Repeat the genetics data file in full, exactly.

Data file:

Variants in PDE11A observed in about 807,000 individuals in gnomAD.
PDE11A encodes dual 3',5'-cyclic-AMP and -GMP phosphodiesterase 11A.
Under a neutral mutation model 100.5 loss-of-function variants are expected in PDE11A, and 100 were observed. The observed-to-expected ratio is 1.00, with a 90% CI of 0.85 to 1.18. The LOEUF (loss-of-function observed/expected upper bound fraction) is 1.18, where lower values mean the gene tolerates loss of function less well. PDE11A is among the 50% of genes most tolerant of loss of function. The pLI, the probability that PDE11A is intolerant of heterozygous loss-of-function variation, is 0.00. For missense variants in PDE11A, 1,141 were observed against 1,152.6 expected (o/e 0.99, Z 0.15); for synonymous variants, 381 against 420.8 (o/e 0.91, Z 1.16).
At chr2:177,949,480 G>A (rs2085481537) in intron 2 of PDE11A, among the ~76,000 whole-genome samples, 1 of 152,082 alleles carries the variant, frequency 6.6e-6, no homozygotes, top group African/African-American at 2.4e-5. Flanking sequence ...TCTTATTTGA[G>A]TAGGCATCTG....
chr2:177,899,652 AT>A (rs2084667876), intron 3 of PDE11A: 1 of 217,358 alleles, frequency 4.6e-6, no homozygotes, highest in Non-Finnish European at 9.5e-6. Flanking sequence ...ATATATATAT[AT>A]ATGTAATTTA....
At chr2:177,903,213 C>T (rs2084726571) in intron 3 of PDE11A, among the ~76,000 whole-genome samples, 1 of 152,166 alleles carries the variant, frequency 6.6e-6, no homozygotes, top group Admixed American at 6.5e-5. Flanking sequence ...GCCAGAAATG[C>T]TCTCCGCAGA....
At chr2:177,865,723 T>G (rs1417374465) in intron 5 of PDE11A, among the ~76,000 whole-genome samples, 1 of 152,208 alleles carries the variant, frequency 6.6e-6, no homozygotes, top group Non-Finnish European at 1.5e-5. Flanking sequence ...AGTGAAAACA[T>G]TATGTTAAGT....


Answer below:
Variants in PDE11A observed in about 807,000 individuals in gnomAD.
PDE11A encodes dual 3',5'-cyclic-AMP and -GMP phosphodiesterase 11A.
Under a neutral mutation model 100.5 loss-of-function variants are expected in PDE11A, and 100 were observed. The observed-to-expected ratio is 1.00, with a 90% CI of 0.85 to 1.18. The LOEUF (loss-of-function observed/expected upper bound fraction) is 1.18, where lower values mean the gene tolerates loss of function less well. PDE11A is among the 50% of genes most tolerant of loss of function. The pLI, the probability that PDE11A is intolerant of heterozygous loss-of-function variation, is 0.00. For missense variants in PDE11A, 1,141 were observed against 1,152.6 expected (o/e 0.99, Z 0.15); for synonymous variants, 381 against 420.8 (o/e 0.91, Z 1.16).
At chr2:177,949,480 G>A (rs2085481537) in intron 2 of PDE11A, among the ~76,000 whole-genome samples, 1 of 152,082 alleles carries the variant, frequency 6.6e-6, no homozygotes, top group African/African-American at 2.4e-5. Flanking sequence ...TCTTATTTGA[G>A]TAGGCATCTG....
chr2:177,899,652 AT>A (rs2084667876), intron 3 of PDE11A: 1 of 217,358 alleles, frequency 4.6e-6, no homozygotes, highest in Non-Finnish European at 9.5e-6. Flanking sequence ...ATATATATAT[AT>A]ATGTAATTTA....
At chr2:177,903,213 C>T (rs2084726571) in intron 3 of PDE11A, among the ~76,000 whole-genome samples, 1 of 152,166 alleles carries the variant, frequency 6.6e-6, no homozygotes, top group Admixed American at 6.5e-5. Flanking sequence ...GCCAGAAATG[C>T]TCTCCGCAGA....
At chr2:177,865,723 T>G (rs1417374465) in intron 5 of PDE11A, among the ~76,000 whole-genome samples, 1 of 152,208 alleles carries the variant, frequency 6.6e-6, no homozygotes, top group Non-Finnish European at 1.5e-5. Flanking sequence ...AGTGAAAACA[T>G]TATGTTAAGT....